For a 90-year-old who has just completed a 1,100-mile (1,770km) epic challenge, Peter Langford seems remarkably chipper.
"I'm very well," he tells Cycling Weekly from John O'Groats, having just become the oldest man to cycle there from Lands End. "I'm sitting at a table with a piece of cake and have had two cups of tea. It's beautiful to see the north of Scotland."
The former vicar completed LeJog for the fourth time on Thursday, having set off on August 23, raising money for two homelessness charities in the process. Having ridden the epic route at 75, 80, and 85, it only seemed natural that Langford would be able to finish it at 90. He completed the ride on a Dunx Rocakbilly Royale on his route through England, Wales and Scotland, with GPS help from a Lightbug device.
"My overriding feeling is gratitude to so many people, my family for their huge support and other people, and the God who has seen me through it all," he explains. "And all the generous people I've encountered on the internet and on my way. It's great, but I'm quite glad that I won't have to get up tomorrow morning and put my kit on, and cycle another 40 miles."
Despite breaking the record, he insists there is nothing secret or special about his accomplishment.
"I don't think there's anything secret," he says. "First of all, you have to be lucky to have good health in old age, you have to have the right genes and avoid accidents. Without the National Health Service, I wouldn't be alive, because I had meningitis about 25 years ago and practically died. That's why our previous generations very seldom live this long, of course.
"You have to have a sensible lifestyle, you need to keep exercising, you don't want to eat junk food. You want to keep your brain working, all those things."
Some of the hardest days came at the beginning, as anyone who has cycled LeJog knows, with Cornwall being particular tough. However, the hills did not stop.
"Apart from three rest days on the way I've cycled every day," he explains. "Some of them have been harder than others because as everyone who does it knows, Cornwall is the hardest part. So it's great getting that out of the way.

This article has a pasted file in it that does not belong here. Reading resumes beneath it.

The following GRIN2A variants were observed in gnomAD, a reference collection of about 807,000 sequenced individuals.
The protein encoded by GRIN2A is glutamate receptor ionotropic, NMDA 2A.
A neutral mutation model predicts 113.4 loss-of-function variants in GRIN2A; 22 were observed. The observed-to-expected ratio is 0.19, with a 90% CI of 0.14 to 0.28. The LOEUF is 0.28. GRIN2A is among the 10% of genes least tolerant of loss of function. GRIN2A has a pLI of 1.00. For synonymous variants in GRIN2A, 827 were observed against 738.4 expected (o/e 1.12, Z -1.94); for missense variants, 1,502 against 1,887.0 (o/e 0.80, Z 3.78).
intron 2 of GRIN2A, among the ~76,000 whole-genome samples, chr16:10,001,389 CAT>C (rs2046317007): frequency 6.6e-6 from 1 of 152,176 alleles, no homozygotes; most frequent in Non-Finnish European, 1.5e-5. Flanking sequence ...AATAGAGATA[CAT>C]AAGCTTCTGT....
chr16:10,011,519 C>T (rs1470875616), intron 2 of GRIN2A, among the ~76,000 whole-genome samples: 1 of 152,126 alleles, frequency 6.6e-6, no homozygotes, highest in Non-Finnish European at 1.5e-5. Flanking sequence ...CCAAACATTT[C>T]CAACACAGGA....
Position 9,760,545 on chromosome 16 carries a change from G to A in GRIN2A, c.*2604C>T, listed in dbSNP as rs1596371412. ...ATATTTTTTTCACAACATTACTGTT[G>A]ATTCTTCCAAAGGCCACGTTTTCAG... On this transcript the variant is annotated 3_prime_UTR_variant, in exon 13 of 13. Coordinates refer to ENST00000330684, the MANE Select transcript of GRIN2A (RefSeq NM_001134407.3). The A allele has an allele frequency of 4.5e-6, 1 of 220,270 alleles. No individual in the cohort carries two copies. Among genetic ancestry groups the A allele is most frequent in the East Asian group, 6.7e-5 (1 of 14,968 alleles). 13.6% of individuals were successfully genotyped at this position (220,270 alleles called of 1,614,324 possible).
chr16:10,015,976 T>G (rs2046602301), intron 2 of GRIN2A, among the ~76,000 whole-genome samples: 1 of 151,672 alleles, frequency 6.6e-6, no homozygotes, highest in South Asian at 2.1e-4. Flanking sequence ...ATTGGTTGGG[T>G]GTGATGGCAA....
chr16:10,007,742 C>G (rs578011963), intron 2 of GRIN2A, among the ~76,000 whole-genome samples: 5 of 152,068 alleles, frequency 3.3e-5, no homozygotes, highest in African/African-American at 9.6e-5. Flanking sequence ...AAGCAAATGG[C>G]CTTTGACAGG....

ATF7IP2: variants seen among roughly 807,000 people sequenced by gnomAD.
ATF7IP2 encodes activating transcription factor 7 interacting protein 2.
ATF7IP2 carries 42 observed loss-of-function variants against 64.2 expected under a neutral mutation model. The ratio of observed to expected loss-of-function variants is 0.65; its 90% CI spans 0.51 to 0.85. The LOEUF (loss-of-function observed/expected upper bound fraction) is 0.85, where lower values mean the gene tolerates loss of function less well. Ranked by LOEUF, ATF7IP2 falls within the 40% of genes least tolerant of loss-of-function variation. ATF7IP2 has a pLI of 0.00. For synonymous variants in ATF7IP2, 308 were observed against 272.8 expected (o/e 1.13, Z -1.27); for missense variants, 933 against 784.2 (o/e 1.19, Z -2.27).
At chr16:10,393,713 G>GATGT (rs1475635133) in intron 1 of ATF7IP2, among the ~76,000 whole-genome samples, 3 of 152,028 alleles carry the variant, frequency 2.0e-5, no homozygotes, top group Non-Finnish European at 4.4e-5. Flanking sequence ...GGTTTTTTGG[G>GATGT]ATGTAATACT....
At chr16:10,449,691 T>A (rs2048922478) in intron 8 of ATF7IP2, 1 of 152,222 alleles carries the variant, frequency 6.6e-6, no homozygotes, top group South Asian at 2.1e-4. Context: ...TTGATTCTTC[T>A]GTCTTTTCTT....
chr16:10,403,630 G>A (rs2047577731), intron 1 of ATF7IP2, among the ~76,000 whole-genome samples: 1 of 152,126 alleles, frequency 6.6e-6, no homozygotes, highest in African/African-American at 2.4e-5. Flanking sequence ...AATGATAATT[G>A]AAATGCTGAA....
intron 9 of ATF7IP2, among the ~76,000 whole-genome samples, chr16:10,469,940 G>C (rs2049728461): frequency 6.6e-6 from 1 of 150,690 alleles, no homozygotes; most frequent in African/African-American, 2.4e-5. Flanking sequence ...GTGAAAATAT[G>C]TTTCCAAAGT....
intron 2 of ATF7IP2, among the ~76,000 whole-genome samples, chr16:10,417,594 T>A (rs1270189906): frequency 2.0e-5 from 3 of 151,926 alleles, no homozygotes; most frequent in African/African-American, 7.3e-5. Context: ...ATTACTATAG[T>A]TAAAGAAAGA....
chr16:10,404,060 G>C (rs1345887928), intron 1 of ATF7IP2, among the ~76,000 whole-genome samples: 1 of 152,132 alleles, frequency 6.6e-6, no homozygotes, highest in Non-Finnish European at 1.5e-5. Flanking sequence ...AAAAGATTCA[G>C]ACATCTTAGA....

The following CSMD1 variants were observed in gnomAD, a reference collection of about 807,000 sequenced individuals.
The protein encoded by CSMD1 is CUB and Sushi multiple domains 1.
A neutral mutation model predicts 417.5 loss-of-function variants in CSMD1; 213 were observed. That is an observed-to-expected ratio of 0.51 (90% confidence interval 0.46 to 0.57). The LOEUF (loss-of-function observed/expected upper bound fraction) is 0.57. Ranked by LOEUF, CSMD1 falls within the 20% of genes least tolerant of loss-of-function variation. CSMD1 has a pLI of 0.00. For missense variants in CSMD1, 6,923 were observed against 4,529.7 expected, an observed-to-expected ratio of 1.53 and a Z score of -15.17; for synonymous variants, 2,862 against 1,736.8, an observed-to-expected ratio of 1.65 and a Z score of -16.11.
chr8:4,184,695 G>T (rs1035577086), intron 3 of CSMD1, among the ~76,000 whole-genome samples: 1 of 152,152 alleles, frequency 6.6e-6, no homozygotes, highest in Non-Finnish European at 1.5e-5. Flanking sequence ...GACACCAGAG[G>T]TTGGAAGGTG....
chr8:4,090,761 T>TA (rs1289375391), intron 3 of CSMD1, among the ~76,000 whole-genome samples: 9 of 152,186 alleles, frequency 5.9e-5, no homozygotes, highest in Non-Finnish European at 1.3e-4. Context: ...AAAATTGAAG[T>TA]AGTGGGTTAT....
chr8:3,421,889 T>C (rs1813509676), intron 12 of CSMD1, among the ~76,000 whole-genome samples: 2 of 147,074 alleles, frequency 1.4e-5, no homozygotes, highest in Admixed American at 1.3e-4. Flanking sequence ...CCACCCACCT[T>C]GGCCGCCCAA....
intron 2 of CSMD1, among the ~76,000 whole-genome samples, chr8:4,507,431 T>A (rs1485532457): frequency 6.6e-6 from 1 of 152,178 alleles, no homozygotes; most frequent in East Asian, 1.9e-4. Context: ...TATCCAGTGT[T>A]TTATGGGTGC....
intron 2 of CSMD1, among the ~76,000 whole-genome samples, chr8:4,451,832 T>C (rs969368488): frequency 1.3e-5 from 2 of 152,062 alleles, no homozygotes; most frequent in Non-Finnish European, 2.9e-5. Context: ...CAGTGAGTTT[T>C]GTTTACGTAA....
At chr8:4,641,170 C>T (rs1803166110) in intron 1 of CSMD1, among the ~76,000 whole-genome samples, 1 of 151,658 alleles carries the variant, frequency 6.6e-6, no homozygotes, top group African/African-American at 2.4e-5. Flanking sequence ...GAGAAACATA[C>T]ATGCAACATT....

"People don't realise, they think Scotland must be the hardest part. But actually, the hills in Scotland, although they go high, generally the incline is quite manageable. The only really difficult hills I've encountered in Scotland were right along the north coast, there's some really nasty hills.
"When I look back on some of the hills, oh dear. In Cumbria, I cycled up an extremely steep hill and managed just to get to the top in the lowest possible gear. Then I turned the corner and it was the same again. I knew I couldn't do it. I mean, besides which I was on a slope. I had to push my bike up a long, long, long hill.
"When I got on my bike again on quite a slight hill, I was absolutely, absolutely done in. I said to my son I just can't do this. I took two energy tablets, and within 10 minutes, my blood sugar was up again and I could cycle up a hill."
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The highlights for Langford were being able to spend time with people and meeting others along the way, rather than the landscape - this was his fourth time, remember.
"The highlights have been human more than the scenery," he tells CW. "My youngest son came with me the first 10 days. We had lots of time together, my eldest son cycled with me for three days, and my daughter has been within the last three days. Various friends and cousins and other people who cycled with me, the human part has been been the most memorable, actually, more than the cycling."
Having appeared on BBC Breakfast on Thursday morning, Langford managed to get to £30,000 being raised for his two causes, the Salvation Army and the Access Community Trust; however, he is still short of his £50,000 target. Donations can be made on justgiving.
"I am aware of my good fortune in having a home to live in," he explains. "It makes me very aware of those who are homeless and I pray for them almost everyday."
He was very fortunate with weather on the way, on a trip which coincided with the early-September heatwave: "We have had very good weather, we’ve had some rain, we’ve had some wind, but not too much. In the middle of the trip it was perhaps a bit too hot, but that’s better than headwind with rain."
As for what is next, the 90-year-old is not turning his back on the bike yet, although he does not have any other epic trips planned.
"I mustn’t put my feet up," he says. "I did nearly three and a half thousand miles in training, which took an awful lot of time. I went out whatever the weather, because you have to be prepared. I think I will keep up about 50 miles a week, but generally not go out when the weather is bad."
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